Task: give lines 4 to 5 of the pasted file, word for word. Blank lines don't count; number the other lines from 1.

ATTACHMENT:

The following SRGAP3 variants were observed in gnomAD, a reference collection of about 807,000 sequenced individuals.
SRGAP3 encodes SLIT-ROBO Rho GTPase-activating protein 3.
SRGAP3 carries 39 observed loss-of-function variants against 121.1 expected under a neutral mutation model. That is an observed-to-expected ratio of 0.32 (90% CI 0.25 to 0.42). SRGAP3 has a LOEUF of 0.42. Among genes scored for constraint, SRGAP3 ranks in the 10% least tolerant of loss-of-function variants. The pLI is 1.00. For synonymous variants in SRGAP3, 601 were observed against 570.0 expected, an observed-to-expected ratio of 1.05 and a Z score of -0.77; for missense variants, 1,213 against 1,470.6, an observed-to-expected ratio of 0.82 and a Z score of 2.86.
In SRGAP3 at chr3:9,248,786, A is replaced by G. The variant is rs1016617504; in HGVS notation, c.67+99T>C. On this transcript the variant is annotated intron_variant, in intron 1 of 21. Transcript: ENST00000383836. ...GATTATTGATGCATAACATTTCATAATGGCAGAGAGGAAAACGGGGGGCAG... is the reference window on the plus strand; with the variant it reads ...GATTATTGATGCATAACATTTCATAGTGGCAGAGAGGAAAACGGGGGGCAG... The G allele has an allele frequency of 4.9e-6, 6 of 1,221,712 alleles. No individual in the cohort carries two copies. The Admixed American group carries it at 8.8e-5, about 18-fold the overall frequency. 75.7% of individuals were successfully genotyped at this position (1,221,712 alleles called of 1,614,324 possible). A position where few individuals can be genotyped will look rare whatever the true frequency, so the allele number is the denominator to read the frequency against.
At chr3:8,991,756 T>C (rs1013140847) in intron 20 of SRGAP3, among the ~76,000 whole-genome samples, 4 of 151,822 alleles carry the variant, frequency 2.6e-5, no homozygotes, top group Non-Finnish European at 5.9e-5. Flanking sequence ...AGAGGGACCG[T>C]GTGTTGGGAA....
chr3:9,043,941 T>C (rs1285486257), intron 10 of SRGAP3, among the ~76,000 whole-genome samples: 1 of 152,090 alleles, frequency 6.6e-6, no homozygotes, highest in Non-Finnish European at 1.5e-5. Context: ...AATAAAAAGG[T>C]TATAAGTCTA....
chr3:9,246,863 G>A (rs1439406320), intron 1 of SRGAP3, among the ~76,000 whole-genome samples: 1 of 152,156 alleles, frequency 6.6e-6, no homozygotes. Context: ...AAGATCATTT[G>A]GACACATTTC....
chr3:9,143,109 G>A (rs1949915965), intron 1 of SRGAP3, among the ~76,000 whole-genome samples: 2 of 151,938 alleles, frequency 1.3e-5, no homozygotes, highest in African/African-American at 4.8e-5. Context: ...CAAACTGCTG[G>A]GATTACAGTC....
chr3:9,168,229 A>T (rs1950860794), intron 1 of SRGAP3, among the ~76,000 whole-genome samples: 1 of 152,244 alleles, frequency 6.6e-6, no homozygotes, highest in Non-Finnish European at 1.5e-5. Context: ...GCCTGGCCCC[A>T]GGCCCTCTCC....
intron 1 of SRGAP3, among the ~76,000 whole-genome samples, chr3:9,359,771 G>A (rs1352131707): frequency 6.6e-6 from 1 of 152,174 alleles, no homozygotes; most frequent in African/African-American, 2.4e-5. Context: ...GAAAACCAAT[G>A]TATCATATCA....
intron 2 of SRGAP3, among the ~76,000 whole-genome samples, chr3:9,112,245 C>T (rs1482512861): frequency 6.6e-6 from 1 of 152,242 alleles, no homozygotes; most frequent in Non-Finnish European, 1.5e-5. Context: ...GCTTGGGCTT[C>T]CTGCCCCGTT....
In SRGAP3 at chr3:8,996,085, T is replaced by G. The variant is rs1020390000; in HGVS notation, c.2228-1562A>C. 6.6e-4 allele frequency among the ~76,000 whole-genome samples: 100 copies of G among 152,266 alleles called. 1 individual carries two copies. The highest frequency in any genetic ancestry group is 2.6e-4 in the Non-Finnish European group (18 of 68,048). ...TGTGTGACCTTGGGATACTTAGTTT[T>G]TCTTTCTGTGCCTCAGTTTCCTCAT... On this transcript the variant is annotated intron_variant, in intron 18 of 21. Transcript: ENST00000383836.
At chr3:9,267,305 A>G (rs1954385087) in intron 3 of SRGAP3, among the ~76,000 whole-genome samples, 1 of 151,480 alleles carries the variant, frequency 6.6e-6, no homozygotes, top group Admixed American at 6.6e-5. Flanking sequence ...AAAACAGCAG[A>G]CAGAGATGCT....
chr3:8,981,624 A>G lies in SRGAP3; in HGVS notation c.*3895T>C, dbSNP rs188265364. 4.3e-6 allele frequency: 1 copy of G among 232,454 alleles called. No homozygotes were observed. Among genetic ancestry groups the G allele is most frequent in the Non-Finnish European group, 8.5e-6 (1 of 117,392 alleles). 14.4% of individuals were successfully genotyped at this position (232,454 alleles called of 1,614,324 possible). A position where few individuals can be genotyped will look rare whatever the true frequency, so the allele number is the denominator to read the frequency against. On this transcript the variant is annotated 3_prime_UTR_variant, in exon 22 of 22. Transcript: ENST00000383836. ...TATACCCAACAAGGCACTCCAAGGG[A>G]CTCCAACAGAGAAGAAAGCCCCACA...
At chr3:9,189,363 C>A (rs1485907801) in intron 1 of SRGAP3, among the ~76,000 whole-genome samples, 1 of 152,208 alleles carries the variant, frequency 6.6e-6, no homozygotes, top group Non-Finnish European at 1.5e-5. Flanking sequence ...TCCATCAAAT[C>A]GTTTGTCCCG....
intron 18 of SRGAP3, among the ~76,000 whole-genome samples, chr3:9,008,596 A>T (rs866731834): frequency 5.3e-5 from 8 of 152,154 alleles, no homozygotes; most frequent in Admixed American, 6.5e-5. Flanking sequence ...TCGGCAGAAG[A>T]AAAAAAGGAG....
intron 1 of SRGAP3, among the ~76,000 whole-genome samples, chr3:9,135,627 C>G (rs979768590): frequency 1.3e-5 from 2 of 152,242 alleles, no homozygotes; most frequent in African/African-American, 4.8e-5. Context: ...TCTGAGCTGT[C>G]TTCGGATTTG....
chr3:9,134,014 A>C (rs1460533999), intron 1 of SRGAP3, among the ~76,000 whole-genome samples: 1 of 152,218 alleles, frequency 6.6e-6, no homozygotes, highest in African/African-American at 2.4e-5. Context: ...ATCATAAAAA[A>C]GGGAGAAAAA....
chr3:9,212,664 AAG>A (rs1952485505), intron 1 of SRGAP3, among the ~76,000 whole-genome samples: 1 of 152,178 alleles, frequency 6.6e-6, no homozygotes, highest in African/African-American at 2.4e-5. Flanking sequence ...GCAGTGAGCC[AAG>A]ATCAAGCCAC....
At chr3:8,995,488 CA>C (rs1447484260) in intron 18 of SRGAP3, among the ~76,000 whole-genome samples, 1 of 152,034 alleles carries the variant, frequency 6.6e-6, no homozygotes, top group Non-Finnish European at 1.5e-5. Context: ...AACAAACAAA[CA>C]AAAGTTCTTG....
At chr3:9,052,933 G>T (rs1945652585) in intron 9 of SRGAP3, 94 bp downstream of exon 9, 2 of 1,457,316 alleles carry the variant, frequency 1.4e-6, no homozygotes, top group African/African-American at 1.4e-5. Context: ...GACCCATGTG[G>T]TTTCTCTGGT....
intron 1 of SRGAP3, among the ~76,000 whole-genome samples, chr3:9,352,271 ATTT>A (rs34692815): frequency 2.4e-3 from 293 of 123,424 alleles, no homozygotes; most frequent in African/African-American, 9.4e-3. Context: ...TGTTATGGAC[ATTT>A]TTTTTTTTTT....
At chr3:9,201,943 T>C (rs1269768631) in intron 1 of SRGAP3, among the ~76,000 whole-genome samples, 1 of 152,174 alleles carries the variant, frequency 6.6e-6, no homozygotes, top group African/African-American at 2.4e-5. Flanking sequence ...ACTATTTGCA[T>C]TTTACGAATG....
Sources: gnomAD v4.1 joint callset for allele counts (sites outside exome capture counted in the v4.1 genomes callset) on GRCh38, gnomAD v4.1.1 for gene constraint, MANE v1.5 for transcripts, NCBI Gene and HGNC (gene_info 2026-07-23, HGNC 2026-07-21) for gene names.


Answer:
In SRGAP3 at chr3:9,248,786, A is replaced by G. The variant is rs1016617504; in HGVS notation, c.67+99T>C. On this transcript the variant is annotated intron_variant, in intron 1 of 21. Transcript: ENST00000383836. ...GATTATTGATGCATAACATTTCATAATGGCAGAGAGGAAAACGGGGGGCAG... is the reference window on the plus strand; with the variant it reads ...GATTATTGATGCATAACATTTCATAGTGGCAGAGAGGAAAACGGGGGGCAG... The G allele has an allele frequency of 4.9e-6, 6 of 1,221,712 alleles. No individual in the cohort carries two copies. The Admixed American group carries it at 8.8e-5, about 18-fold the overall frequency. 75.7% of individuals were successfully genotyped at this position (1,221,712 alleles called of 1,614,324 possible). A position where few individuals can be genotyped will look rare whatever the true frequency, so the allele number is the denominator to read the frequency against.
At chr3:8,991,756 T>C (rs1013140847) in intron 20 of SRGAP3, among the ~76,000 whole-genome samples, 4 of 151,822 alleles carry the variant, frequency 2.6e-5, no homozygotes, top group Non-Finnish European at 5.9e-5. Flanking sequence ...AGAGGGACCG[T>C]GTGTTGGGAA....